Miles Rapoport & Cecily Hines

Miles Rapoport is a longtime democracy advocate who served as secretary of state in Connecticut, and president of both Dēmos and Common Cause. He is the Senior Practice Fellow in American Democracy at the Ash Center of the Kennedy School at Harvard and a member of the board of The American Prospect.

Cecily Hines is senior program coordinator of the fellowship. 

Recent Articles

A New Playing Field for Democracy Reform

To win substantive reforms, our system is overdue for structural reforms. 2018 creates an opening. 

This article appears in the Winter 2019 issue of The American Prospect magazine. Subscribe here . So, it looks like Fixing Our Democracy is officially Cool. Nancy Pelosi and the House Democrats have announced that their first bill out of the box—H.R. 1—will be an omnibus democracy reform bill including voting rights, partisan gerrymandering, campaign-finance reform, and ethics reform. For many people who have worked on these issues for years, this is a significant moment. Of course, there is the Senate, and the president, so no one thinks H.R. 1 will become law in anything close to its original form. But the message is major: that putting democracy reform front and center is not just “good government”; it is good politics. But if you want to see where democracy reform was Really Cool in 2018, let’s take a look at what happened in the states, and how the stage has been set for even further reforms. The New Landscape Perhaps the most amazing thing about the...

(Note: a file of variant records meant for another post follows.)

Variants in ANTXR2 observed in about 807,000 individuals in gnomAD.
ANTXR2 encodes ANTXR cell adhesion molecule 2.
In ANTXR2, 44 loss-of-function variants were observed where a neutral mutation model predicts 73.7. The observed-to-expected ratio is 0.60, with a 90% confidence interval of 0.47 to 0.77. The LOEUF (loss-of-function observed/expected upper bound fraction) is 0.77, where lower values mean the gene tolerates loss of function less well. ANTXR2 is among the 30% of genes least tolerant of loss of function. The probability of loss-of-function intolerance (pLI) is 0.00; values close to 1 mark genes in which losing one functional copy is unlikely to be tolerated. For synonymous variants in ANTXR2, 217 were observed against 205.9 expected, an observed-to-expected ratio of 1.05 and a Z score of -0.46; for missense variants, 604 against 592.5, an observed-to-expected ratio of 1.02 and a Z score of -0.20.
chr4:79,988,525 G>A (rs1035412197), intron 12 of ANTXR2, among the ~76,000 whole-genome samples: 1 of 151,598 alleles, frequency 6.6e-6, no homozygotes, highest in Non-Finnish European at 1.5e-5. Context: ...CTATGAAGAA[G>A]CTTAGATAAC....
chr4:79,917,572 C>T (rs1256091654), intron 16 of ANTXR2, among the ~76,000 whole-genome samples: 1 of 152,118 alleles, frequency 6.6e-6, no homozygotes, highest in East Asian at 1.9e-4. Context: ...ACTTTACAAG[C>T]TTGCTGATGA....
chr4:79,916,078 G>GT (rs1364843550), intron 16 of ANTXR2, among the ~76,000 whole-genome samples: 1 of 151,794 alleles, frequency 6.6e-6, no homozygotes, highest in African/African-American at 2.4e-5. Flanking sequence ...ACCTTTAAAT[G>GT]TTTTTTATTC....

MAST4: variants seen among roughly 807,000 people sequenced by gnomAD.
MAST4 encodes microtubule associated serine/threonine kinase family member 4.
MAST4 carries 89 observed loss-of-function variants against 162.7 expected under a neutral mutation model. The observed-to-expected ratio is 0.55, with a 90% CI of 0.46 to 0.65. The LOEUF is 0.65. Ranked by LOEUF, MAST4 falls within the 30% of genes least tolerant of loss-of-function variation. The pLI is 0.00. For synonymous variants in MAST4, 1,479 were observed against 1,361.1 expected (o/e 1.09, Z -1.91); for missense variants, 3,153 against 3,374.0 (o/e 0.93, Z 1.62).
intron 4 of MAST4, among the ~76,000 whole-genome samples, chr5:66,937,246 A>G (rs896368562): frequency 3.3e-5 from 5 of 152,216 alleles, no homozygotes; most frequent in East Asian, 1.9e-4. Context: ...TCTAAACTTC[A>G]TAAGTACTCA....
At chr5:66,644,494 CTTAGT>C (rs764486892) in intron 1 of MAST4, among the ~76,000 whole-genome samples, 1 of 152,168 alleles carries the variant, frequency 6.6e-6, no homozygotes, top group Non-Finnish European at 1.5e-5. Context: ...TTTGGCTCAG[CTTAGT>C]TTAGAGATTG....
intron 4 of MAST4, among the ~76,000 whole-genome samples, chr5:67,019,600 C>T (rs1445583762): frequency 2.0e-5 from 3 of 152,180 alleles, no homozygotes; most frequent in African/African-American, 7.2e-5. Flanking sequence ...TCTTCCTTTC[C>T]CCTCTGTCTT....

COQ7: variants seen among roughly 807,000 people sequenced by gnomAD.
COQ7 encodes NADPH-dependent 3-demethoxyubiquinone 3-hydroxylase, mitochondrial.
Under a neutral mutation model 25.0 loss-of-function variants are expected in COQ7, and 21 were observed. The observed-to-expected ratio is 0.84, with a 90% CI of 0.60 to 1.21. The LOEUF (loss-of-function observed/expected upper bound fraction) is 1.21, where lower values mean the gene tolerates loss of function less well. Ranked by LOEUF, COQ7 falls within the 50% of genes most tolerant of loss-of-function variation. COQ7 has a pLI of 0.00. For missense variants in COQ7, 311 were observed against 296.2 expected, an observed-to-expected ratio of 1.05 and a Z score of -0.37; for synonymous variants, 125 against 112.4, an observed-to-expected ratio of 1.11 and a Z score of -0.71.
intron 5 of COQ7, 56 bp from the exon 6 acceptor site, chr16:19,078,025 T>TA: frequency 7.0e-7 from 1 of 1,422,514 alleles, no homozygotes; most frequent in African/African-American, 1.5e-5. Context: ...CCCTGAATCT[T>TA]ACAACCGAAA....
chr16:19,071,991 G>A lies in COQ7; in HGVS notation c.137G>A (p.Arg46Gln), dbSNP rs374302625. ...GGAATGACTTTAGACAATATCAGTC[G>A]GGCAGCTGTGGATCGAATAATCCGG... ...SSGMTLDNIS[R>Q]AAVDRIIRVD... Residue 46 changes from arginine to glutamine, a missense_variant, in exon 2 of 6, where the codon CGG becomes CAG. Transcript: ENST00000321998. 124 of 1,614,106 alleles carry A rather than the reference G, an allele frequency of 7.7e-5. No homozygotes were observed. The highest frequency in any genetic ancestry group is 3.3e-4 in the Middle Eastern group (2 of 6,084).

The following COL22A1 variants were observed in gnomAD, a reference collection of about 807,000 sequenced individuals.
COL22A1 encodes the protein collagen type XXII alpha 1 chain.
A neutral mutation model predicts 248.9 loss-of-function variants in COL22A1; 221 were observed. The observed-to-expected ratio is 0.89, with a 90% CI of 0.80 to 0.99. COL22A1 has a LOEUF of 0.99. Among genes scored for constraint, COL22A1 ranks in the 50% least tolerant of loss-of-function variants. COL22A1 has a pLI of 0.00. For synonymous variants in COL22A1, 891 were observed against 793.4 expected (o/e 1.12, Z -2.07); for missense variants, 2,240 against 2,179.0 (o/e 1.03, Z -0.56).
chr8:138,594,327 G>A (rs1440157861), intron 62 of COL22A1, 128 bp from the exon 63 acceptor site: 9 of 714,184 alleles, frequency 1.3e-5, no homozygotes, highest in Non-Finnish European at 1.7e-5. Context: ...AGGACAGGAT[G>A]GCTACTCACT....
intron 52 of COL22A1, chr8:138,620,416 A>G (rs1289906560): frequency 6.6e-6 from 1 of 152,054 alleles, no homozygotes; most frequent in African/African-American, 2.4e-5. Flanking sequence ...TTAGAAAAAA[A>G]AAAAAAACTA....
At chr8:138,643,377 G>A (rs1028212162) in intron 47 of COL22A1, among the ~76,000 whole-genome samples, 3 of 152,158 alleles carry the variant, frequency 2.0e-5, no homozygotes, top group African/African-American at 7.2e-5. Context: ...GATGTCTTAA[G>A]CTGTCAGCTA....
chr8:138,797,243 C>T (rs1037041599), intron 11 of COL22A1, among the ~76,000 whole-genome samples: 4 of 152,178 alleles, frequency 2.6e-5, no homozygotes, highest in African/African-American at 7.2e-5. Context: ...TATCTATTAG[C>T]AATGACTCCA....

The Good News from the Voting Wars

How hard-won expansion of voting possibilities could raise turnout, boost the wave—and help our democracy

This article appears in the Fall 2018 issue of The American Prospect. Subscribe here . The 2018 midterm election is often depicted as a contest between crude voter suppression by Republican state governments and a national blue-wave mobilization of grassroots Democrats. But the story is actually more complicated and even more hopeful. In addition to the party organizing this year, a two-decade nonpartisan movement to expand access to the ballot is also bearing fruit across the country. The result could be a dramatic expansion of voting participation that swamps suppression efforts, enhances voter-mobilization efforts, and shatters the usual low expectations of off-year voting turnout. The attempt at voter suppression, of course, is real. It is a dark part of the playbook that some—though by no means all—states under Republican control have promoted to retain their power. After the Tea Party wave of 2010, the most recent chapter in longstanding efforts to restrict the vote...